SAP Launches Business Suite 7, Reports 2008 Financials, and Cuts Jobs
February 9, 2009 Timothy Prickett Morgan
Application software giant SAP has had a busy time of late. Last week, the German company, which is the largest seller of application software on the planet, announced that it had upgraded its flagship ERP suite, Business Suite, to a brand, spanking new version 7. The company also braced Wall Street for some bad financial news a few days earlier and announced the ubiquitous layoffs that are hitting the IT industry as the economic meltdown works its way into the data centers of the world.
The upgrade to Business Suite 7, which sports what SAP calls a new modular design that allows companies to deploy modules in a piecemeal fashion in a hesitant budget environment, is going to be a key to SAP’s financial prospects this year. Some of the modules being rolled out are tweaked versions of the Business Objects business intelligence software that SAP got through its $6.8 billion acquisition of that company back in October 2007. Of course, the ERP revolution was designed to quash the modular approach to MRP and DRP systems that predate the ERP big bang that SAP was the poster boy for in the mid-1990s. Back in the day, companies–and especially midrange companies–were happy to use a mix of modules from different vendors and developed by their own programmers to get code perfectly matched to their business. SAP doesn’t want to go all the way back there, but realizes that companies are only going to deploy ERP app modules where they can get pretty fast results.
“Today, large enterprises are skeptical of IT projects that involve foundational investments that aren’t tied to delivering fast value to users,” explains Jeff Woods, managing vice president of ERP and SCM software at Gartner. “Big projects that only promise a foundation for future value delivery are too risky, too costly, and the benefits are difficult to justify to business leaders. Enterprises want integrated IT solutions that require only investment that is tied to immediate business value–but without losing the cost, information integrity and process integrity benefits that a strategic suite provides.”
SAP says that Business Suite 7 has over 150 enhancements spread across the ERP, Customer Relationship Management, Supplier Relationship Management, Supply Chain Management, and Product Lifecycle Management portions of the suite (which in turn have multiple modules). By the way, in an irony that I will never quite understand, SAP’s Business Suite (which was called the mySAP suite a few years back) has been ported to OS/400, i5/OS, and i operating systems, but the midrange All-in-One suite, which is a trimmed down set of software aimed at companies with fewer than 2,500 employees, its Business One suite, which is aimed at firms with between 10 and 100 employees, are not available on the platform. (If you know different, pipe up. Both IBM and SAP have terrible documentation on platform support for SAP’s code.) Obviously, the smaller SAP suites are more suitable to the small and medium businesses where the i platform is mostly installed. But IBM and SAP know more than you and I do about this, apparently.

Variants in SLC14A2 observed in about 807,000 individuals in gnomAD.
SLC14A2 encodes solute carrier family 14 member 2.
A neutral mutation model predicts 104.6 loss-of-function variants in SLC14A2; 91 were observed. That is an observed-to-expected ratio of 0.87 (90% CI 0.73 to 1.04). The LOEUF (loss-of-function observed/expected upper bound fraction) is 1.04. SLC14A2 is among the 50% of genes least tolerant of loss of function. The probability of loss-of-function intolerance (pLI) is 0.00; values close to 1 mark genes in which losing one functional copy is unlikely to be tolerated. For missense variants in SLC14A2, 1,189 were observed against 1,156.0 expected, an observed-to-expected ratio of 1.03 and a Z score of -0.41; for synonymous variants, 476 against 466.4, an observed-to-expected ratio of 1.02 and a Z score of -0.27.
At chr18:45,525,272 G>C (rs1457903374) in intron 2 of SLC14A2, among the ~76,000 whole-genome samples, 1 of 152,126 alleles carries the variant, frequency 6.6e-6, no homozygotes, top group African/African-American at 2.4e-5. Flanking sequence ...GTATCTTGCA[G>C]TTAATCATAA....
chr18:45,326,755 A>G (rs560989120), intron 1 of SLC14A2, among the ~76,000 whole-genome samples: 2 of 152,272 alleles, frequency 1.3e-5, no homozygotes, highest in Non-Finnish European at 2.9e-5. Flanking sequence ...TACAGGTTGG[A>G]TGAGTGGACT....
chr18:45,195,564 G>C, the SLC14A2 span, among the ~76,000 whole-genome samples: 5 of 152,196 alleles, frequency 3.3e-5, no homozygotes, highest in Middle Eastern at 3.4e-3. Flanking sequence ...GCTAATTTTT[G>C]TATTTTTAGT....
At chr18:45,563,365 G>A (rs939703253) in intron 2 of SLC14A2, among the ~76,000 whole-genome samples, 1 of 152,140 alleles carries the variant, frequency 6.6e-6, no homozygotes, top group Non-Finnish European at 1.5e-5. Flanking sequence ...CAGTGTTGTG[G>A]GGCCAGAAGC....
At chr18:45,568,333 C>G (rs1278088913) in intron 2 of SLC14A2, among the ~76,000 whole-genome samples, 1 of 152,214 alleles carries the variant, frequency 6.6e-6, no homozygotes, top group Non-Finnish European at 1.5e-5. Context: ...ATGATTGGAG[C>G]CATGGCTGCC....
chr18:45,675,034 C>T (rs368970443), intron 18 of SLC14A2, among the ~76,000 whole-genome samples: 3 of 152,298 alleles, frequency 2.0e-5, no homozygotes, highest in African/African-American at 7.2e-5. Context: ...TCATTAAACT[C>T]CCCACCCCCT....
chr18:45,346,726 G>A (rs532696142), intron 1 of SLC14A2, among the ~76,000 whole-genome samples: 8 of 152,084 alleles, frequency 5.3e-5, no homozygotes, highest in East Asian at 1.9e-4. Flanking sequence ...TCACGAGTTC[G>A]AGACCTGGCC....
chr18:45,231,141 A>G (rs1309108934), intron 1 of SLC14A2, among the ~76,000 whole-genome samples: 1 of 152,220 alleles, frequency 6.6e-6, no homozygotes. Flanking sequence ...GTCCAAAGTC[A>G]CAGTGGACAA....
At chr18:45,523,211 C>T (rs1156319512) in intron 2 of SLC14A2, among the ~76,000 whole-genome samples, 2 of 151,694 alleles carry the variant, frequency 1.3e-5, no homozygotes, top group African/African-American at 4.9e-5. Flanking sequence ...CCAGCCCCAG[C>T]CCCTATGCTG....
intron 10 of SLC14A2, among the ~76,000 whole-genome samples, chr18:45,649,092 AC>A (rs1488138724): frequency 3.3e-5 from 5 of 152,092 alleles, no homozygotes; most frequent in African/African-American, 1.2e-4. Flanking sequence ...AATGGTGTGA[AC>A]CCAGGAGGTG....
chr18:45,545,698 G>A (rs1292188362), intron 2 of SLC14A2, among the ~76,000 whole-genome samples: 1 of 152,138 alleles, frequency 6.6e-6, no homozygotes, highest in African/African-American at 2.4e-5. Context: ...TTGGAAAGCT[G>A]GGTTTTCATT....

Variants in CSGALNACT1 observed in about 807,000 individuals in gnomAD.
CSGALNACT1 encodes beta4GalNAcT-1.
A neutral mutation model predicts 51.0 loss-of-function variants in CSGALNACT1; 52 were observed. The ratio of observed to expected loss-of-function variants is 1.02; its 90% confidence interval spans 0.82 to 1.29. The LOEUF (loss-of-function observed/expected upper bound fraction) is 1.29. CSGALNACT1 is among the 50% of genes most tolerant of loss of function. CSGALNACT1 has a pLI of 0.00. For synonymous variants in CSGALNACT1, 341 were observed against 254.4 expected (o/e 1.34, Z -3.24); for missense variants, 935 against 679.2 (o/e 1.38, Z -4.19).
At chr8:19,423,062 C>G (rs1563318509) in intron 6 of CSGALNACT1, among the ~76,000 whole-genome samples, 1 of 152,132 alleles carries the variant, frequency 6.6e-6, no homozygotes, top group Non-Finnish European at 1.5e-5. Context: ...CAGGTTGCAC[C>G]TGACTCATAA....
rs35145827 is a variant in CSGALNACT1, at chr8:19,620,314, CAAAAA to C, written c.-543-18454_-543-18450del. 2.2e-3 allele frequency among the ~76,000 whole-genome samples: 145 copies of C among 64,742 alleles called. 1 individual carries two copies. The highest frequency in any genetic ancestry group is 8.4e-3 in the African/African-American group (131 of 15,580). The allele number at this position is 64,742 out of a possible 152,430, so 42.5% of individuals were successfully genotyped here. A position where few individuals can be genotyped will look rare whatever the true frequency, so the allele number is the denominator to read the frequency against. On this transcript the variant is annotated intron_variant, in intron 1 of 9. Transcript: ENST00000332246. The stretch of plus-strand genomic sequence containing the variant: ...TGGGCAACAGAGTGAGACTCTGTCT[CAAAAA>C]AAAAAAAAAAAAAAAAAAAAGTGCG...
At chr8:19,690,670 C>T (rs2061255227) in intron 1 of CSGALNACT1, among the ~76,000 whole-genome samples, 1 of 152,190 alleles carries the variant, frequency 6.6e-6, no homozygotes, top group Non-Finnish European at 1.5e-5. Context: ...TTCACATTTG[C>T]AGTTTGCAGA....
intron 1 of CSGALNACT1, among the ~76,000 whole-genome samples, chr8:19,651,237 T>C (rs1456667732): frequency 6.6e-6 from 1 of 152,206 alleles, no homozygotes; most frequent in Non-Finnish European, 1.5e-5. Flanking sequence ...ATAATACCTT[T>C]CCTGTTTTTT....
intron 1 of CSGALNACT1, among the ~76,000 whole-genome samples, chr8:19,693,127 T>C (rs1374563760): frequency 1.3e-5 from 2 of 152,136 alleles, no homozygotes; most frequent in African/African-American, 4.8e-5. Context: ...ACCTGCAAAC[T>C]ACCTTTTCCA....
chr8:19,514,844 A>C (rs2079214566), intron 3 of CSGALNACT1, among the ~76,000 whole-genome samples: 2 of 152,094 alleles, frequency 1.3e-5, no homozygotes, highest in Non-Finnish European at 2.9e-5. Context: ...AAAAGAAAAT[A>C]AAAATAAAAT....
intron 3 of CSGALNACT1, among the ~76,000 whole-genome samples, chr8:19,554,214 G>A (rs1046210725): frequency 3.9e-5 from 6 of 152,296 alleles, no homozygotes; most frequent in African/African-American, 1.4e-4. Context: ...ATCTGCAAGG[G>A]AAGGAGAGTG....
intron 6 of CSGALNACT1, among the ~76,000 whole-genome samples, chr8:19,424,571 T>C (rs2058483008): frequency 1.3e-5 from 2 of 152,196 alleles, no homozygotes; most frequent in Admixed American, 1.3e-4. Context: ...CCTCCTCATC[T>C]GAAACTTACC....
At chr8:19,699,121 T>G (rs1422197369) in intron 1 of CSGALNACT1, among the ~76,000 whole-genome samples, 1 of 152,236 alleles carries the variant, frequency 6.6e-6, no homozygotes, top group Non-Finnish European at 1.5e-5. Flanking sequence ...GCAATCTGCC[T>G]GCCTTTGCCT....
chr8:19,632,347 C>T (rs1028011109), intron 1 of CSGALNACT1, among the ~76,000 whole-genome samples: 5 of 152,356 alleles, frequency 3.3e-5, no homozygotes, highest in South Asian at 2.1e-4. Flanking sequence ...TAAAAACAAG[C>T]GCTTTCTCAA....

SAP also gave Wall Street a head’s up recently that its numbers for the final quarter and full 2008 were being affected by the economic downturn. SAP released preliminary financial results, with total sales for 2008 coming in at €11.6 billion, up 13 percent, and a net income of €1.9 billion, down 2 percent. (This was using U.S. accounting rules for revenues, costs, and profits pulled back into Germany and converted to euros.) Software sales were up 6 percent to €3.6 billion for the year, with software support and other services revenues up 14 percent to €8.5 billion.
The fourth quarter did not look so nice at SAP, however, as you might expect given the economic climate. Software sales fell by 6.5 percent to €1.32 billion, but support and services sales rose by 7.8 percent to €2.67 billion; overall sales in the quarter grew by 7.7 percent to €3.49 billion. Net income rose by 13 percent to €850 million.
While these sets of numbers all sound pretty good, they are only good because they include revenues and profits from Business Objects, which were not in the 2007 figures. SAP is warning Wall Street that it faces tough compares in the first half of 2009, when SAP’s sales were pretty good ahead of the economic meltdown and the Business Objects deal was not yet completed. Because of this, SAP is cutting approximately 3,000 employees from its global workforce, reducing headcount to 48,500. That’s 5.8 percent of SAP’s 51,500-strong employee roll. As hard as this might be to believe, this is the first time since SAP was founded in 1972 that it has had layoffs. Now that is some fine German engineering. Anyway, the layoffs are expected to save SAP €300 million to €350 million a year, once they are fully in effect in 2010.
SAP also said that Gregory Tomb, president and chief executive officer at SAP North America (which does about a third of SAP’s sales each year), has stepped down and taken a leave of absence. Tomb’s exit was for personal reasons, and he plans to return to the company at some time in the future, but not in the president or CEO position. Rob Enslin, chief operating officer at SAP North America, has moved into the president and CEO position, effective immediately.